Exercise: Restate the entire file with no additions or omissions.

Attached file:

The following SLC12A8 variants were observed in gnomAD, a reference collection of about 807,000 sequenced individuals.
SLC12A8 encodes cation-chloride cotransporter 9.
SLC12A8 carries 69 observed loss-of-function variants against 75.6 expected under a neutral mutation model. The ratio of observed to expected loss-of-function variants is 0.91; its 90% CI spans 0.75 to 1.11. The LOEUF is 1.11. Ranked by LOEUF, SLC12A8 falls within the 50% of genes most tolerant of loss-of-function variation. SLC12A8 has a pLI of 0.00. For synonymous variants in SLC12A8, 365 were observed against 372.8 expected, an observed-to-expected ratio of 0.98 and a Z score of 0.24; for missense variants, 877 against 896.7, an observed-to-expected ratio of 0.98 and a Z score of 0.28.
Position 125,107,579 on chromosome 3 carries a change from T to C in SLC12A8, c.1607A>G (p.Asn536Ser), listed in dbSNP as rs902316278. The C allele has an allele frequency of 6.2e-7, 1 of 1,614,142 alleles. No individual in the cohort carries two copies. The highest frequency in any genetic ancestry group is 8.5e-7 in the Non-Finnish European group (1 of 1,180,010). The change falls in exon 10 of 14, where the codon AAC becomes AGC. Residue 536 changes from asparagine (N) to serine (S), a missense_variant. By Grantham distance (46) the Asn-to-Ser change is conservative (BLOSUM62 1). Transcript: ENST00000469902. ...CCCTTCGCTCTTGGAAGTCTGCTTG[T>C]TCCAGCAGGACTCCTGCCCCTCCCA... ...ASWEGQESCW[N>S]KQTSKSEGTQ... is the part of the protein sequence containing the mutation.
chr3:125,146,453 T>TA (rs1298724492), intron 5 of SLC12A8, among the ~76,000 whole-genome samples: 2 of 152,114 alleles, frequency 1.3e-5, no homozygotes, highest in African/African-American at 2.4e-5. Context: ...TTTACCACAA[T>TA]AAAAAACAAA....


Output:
The following SLC12A8 variants were observed in gnomAD, a reference collection of about 807,000 sequenced individuals.
SLC12A8 encodes cation-chloride cotransporter 9.
SLC12A8 carries 69 observed loss-of-function variants against 75.6 expected under a neutral mutation model. The ratio of observed to expected loss-of-function variants is 0.91; its 90% CI spans 0.75 to 1.11. The LOEUF is 1.11. Ranked by LOEUF, SLC12A8 falls within the 50% of genes most tolerant of loss-of-function variation. SLC12A8 has a pLI of 0.00. For synonymous variants in SLC12A8, 365 were observed against 372.8 expected, an observed-to-expected ratio of 0.98 and a Z score of 0.24; for missense variants, 877 against 896.7, an observed-to-expected ratio of 0.98 and a Z score of 0.28.
Position 125,107,579 on chromosome 3 carries a change from T to C in SLC12A8, c.1607A>G (p.Asn536Ser), listed in dbSNP as rs902316278. The C allele has an allele frequency of 6.2e-7, 1 of 1,614,142 alleles. No individual in the cohort carries two copies. The highest frequency in any genetic ancestry group is 8.5e-7 in the Non-Finnish European group (1 of 1,180,010). The change falls in exon 10 of 14, where the codon AAC becomes AGC. Residue 536 changes from asparagine (N) to serine (S), a missense_variant. By Grantham distance (46) the Asn-to-Ser change is conservative (BLOSUM62 1). Transcript: ENST00000469902. ...CCCTTCGCTCTTGGAAGTCTGCTTG[T>C]TCCAGCAGGACTCCTGCCCCTCCCA... ...ASWEGQESCW[N>S]KQTSKSEGTQ... is the part of the protein sequence containing the mutation.
chr3:125,146,453 T>TA (rs1298724492), intron 5 of SLC12A8, among the ~76,000 whole-genome samples: 2 of 152,114 alleles, frequency 1.3e-5, no homozygotes, highest in African/African-American at 2.4e-5. Context: ...TTTACCACAA[T>TA]AAAAAACAAA....